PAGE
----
The US Bureau of Safety and Environmental Enforcement (BSEE) has completed a study that examined the ability of existing offshore structural designs to survive sea ice demands under extreme Arctic conditions, in collaboration with the University of Alaska.
Entitled ‘Reliability-Based Sea Ice Parameters for Design of Offshore Structures’, the study was aimed at producing additional sea ice information to supplement ISO 19906 standard, which covers Arctic offshore oil and gas structures, and other current standards and recommendations.
BSEE said that the study identified critical keel depth and provided an assessment of suitability of the ISO 19906 recommendations. Its objective was also to provide additional sea ice information for the Chukchi and Beaufort seas.
Researchers collected data from 16 seasons of ice measurements from both the seas for two years to provide sufficient comparisons of various sea ice parametres.
The parametres include first and last ice occurrence, level of ice, rubble fields, ridges and ice movement.
After completely evaluating data, the research team analysed a range of annual values to develop averages and draw conclusions, as well as reviewing recorded events.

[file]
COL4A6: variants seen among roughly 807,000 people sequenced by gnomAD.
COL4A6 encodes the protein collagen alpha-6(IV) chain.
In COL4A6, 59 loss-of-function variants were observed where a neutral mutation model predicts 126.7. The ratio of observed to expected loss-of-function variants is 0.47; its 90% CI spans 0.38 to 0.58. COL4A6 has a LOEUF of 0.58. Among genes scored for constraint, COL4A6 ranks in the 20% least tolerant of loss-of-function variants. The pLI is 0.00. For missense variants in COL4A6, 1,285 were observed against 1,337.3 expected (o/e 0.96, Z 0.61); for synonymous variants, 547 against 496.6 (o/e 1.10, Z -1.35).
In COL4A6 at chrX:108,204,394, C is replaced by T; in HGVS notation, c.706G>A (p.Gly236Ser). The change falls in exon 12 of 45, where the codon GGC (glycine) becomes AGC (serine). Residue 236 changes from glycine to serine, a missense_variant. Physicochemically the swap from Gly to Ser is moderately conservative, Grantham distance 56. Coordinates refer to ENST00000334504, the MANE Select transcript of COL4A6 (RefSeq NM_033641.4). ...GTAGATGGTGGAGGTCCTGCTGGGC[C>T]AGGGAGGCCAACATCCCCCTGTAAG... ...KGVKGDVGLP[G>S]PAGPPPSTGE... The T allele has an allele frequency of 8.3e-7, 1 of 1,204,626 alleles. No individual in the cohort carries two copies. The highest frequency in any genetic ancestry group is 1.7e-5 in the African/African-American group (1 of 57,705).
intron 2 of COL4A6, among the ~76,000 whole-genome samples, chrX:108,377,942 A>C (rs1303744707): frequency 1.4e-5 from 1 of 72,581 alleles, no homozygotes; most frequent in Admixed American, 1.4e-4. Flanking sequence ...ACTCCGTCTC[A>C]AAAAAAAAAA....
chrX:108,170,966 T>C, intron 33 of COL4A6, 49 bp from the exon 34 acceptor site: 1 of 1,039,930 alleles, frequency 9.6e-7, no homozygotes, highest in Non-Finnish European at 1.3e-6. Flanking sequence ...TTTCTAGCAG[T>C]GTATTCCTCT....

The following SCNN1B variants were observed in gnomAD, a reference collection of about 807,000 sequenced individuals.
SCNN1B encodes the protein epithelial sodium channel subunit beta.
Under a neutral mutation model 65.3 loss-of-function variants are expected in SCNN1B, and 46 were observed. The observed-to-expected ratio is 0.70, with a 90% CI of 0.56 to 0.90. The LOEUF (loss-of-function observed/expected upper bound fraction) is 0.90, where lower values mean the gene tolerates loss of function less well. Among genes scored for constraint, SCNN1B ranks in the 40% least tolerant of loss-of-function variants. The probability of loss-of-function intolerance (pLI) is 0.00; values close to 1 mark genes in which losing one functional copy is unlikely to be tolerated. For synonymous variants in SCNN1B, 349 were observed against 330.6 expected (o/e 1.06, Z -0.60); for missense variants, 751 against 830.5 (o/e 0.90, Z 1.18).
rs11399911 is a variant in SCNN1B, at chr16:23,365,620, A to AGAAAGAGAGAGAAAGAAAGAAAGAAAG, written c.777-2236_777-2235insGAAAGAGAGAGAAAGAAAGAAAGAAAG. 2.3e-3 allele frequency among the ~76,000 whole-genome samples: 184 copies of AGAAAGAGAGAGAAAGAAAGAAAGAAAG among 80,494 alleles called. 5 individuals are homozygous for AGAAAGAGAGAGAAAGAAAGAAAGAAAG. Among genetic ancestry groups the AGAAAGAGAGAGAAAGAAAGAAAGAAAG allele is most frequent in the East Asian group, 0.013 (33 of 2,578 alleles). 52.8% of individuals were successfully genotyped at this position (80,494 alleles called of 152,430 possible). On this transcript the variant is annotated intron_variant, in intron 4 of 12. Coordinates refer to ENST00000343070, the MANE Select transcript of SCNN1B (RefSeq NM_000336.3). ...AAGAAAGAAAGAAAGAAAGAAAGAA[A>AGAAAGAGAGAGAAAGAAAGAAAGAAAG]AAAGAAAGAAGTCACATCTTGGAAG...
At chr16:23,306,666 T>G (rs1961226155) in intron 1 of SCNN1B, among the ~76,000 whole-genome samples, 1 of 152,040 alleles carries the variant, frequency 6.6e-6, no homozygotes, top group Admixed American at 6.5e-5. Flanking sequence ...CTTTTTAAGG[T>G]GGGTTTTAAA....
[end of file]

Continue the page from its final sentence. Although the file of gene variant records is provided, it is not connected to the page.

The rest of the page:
They concluded that the current standard of practice cited in ISO 19906 is conservative for current structural design parameters.
In order to support these efforts, BSEE has provided a dedicated programme coordinator in Alaska who will assist with identifying research that advances its regulatory objectives in the Arctic.
At present, there are seven ongoing studies that assess offshore engineering technology and conditions faced by operators in harsh Arctic conditions.
These studies assist the agency in understanding the way conditions in the Arctic impact future regulatory standards.
Image: The objective of BSEE’s study was to provide additional sea ice information for the Chukchi and Beaufort seas. Photo: courtesy of the US Bureau of Safety and Environmental Enforcement.